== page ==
Category Archives: nintendo 3DS

Anticipating the strangeness that is Nintendo’s Tomodachi Life

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Over the years here on Grinding Down, I’ve gotten further and further away from what other websites might call “preview coverage” of the videogames still to come out. Mainly the ones I’m interested in. Which is, without a doubt, dozens upon dozens. Really, I want to play just about anything, though we all know, based on time, money, and the consoles I do own, that is never going to happen. Instead, I prefer to wait until I can actually get my stumpy little hands on the game and experience it for myself, that way the words I’m writing at least come out with confidence and a certainty that you can’t get by imagining what a game might be like. I mean, I remember thinking Epic Mickey: Power of Illusion, based on a few screenshots alone, was going to be awesomely magical, and it was everything but that.

Wait, wait, wait. Before we begin, let me give y’all my early thoughts on Borderlands: The Pre-Sequel. If two full-fledged games and 492 packs of DLC were not enough to sate your hunger for guns and loot and farming pearls, good news–there’s going to be more Borderlands action for you. It’s set on the moon. A new move lets you “ground pound.” You can play as the wise-cracking Claptrap. I’m just setting myself up for disappointment here, as I’m probably going to pick up regardless because, well, I find the gameplay pretty addicting. There, I came clean.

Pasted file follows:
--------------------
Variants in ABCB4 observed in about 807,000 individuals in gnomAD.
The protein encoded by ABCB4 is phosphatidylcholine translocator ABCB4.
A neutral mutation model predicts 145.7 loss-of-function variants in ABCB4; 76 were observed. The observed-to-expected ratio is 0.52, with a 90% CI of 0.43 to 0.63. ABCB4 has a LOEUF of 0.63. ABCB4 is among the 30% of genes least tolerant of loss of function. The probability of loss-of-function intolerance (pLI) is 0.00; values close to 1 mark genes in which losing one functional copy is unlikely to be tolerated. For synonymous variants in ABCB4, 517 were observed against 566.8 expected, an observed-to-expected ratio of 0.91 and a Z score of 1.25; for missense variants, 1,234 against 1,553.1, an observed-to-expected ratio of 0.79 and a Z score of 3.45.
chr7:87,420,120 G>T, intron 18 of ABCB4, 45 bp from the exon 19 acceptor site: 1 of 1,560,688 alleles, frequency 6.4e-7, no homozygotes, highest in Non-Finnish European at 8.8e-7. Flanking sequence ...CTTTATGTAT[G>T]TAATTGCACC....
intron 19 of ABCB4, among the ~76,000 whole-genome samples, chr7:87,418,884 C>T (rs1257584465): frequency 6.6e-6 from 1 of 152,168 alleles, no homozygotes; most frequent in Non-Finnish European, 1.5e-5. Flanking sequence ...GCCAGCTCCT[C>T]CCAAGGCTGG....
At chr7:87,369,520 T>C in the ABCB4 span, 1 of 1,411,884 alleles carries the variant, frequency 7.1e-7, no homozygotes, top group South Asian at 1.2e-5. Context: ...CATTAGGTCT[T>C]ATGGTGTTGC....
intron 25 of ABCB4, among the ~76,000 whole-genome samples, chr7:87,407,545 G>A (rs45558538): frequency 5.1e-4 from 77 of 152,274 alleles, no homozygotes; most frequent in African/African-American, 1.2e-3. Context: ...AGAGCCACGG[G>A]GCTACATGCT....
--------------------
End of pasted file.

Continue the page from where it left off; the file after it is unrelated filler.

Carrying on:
Moving on. Let’s talk about Tomodachi Life, recently announced today in an unannounced Nintendo Direct to be coming out for the Nintendo 3DS this summer (June 6, 2014 to be exact), right around the same time Animal Crossing: New Leaf dropped last year. It’s the localization version of Tomodachi Collection, a unique mash-up of The Sims playful style of gameplay using your customized Miis for a whole bunch of zany nonsense. I think nonsense is a great descriptor for Tomodachi Life, and if you don’t believe, please do watch that Nintendo Direct again. Eyes open, mind open. As of late, Nintendo’s not been afraid to get weird, and I’m really digging that mentality. However, they need to figure out what they prefer–unwavering loyalty to the classic franchises to the point that they feel unnecessary, such as with Yoshi’s New Island, or mixing things up with oddball titles like NES Remix and Rusty’s Real Deal Baseball.